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Volume 24 , Issue 3
May/June 2011

Pages 207220

Fit of Screw-Retained Fixed Implant Frameworks Fabricated by Different Methods: A Systematic Review

Jaafar Abduo, BDS, DClinDent/Karl Lyons, BDS, MDS, FRACDS/Vincent Bennani, DDS, PhD/Neil Waddell, MDipTech, HDE/Michael Swain, BSc, PhD

PMID: 21519567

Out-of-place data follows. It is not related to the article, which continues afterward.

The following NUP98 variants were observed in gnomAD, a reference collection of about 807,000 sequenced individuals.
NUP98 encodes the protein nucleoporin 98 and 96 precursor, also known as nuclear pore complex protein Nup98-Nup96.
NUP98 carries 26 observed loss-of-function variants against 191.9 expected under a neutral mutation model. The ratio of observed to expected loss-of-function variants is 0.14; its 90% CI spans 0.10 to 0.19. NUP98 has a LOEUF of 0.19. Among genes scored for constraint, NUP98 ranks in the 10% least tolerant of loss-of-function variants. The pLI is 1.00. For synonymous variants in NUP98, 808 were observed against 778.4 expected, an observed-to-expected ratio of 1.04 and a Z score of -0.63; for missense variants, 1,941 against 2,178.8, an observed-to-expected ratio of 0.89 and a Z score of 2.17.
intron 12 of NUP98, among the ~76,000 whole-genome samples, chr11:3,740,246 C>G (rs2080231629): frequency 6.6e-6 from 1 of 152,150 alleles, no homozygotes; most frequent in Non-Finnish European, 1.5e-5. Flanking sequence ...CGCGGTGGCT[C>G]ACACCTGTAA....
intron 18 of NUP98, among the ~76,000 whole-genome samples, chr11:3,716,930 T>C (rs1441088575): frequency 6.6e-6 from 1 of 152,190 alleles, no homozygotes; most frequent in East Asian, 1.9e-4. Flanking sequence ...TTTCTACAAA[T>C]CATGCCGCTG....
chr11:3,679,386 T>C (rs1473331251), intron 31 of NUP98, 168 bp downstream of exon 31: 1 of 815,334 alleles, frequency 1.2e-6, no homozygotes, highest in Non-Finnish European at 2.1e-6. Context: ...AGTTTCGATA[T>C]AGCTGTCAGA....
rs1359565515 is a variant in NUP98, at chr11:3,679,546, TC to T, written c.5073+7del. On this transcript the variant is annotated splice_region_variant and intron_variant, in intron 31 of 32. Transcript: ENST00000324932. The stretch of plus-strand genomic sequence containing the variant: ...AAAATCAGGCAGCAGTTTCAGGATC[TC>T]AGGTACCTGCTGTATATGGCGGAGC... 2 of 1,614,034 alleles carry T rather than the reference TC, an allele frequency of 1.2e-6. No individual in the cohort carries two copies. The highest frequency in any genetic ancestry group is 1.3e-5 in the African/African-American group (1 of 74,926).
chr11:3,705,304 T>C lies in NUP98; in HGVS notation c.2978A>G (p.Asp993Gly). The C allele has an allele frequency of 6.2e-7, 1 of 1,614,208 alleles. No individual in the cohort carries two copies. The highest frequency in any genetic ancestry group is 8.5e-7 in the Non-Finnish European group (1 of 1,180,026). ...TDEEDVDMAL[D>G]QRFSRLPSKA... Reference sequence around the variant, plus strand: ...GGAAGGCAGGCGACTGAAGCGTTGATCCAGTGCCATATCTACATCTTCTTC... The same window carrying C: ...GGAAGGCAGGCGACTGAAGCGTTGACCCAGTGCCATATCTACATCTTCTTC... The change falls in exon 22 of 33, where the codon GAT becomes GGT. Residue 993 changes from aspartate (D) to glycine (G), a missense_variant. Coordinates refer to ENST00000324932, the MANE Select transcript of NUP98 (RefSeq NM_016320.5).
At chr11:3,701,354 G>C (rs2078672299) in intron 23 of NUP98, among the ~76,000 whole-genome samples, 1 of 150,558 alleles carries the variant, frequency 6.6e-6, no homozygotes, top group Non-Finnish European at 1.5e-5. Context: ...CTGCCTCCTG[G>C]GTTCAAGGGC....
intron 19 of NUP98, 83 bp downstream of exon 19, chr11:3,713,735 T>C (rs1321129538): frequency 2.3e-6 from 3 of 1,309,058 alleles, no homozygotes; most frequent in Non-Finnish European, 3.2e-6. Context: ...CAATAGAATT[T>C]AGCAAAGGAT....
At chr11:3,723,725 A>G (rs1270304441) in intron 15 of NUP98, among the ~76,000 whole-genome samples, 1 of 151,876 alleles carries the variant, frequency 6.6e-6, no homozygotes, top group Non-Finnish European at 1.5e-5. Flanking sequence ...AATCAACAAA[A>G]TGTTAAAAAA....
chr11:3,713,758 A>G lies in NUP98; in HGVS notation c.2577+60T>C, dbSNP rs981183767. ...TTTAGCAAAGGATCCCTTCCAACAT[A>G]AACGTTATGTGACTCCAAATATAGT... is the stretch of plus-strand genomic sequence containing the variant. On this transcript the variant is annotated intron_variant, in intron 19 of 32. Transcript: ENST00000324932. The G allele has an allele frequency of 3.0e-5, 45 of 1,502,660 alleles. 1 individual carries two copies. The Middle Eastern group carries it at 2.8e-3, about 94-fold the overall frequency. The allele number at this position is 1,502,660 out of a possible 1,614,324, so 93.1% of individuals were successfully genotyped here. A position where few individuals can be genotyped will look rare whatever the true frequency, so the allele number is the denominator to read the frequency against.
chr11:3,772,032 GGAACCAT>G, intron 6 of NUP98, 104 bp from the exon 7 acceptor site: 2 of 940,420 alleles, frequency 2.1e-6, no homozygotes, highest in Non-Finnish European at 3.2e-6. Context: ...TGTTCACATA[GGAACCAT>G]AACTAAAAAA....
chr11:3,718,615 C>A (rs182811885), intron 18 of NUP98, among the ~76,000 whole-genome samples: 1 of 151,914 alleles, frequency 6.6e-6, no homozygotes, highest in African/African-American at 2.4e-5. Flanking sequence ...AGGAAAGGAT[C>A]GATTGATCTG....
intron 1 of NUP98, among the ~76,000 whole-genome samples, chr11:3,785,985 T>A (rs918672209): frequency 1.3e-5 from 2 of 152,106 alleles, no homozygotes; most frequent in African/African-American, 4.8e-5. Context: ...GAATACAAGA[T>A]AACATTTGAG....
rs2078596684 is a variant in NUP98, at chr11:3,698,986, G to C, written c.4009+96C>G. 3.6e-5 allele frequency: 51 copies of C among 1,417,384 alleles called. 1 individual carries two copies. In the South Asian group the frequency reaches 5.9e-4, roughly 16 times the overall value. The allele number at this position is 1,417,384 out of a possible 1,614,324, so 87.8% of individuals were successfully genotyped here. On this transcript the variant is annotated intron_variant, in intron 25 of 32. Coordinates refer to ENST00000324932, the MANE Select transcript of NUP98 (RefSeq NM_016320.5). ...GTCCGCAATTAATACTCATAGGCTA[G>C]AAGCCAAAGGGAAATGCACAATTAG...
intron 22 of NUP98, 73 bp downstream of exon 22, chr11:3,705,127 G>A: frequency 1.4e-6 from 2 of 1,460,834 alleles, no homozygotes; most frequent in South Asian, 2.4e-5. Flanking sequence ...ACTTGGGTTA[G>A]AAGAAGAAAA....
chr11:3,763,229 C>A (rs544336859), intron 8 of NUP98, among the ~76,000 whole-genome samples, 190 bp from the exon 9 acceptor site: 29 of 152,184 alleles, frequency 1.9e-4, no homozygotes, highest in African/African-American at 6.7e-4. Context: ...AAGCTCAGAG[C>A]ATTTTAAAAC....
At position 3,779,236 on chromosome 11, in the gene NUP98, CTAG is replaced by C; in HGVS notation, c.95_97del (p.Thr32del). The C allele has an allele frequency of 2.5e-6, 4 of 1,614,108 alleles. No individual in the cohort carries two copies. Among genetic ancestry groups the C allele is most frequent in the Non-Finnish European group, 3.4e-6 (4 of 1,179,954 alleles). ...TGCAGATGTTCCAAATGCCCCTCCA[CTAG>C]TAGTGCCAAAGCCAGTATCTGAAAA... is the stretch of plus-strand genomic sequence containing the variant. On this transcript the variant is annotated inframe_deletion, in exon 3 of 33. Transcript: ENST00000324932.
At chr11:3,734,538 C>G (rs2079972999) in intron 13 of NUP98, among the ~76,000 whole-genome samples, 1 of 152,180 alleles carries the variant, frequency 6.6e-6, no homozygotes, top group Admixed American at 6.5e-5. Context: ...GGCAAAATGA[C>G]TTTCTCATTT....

Purpose: The aim of this study was to review the published literature investigating the accuracy of fit of fixed implant frameworks fabricated using different materials and methods. Materials and Methods: A comprehensive electronic search was performed through PubMed (MEDLINE) using Boolean operators to combine key words. The search was limited to articles written in English and published through May 2010. In addition, a manual search through articles and reference lists retrieved from the electronic search and peer-reviewed journals was also conducted. Results: A total of 248 articles were retrieved, and 26 met the specified inclusion criteria for the review. The selected articles assessed the fit of fixed implant frameworks fabricated by different techniques. The investigated fabrication approaches were one-piece casting, sectioning and reconnection, spark erosion with an electric discharge machine, computer-aided design/computer-assisted manufacturing (CAD/CAM), and framework bonding to prefabricated abutment cylinders. Conclusions: Cast noble metal frameworks have a predictable fit, and additional fit refinement treatment is not indicated in well-controlled conditions. Base metal castings do not provide a satisfactory level of fit unless additional refinement treatment is performed, such as sectioning and laser welding or spark erosion. Spark erosion, framework bonding to prefabricated abutment cylinders, and CAD/CAM have the potential to provide implant frameworks with an excellent fit; CAD/CAM is the most consistent and least technique-sensitive of these methods. Int J Prosthodont 2011;24:207220.

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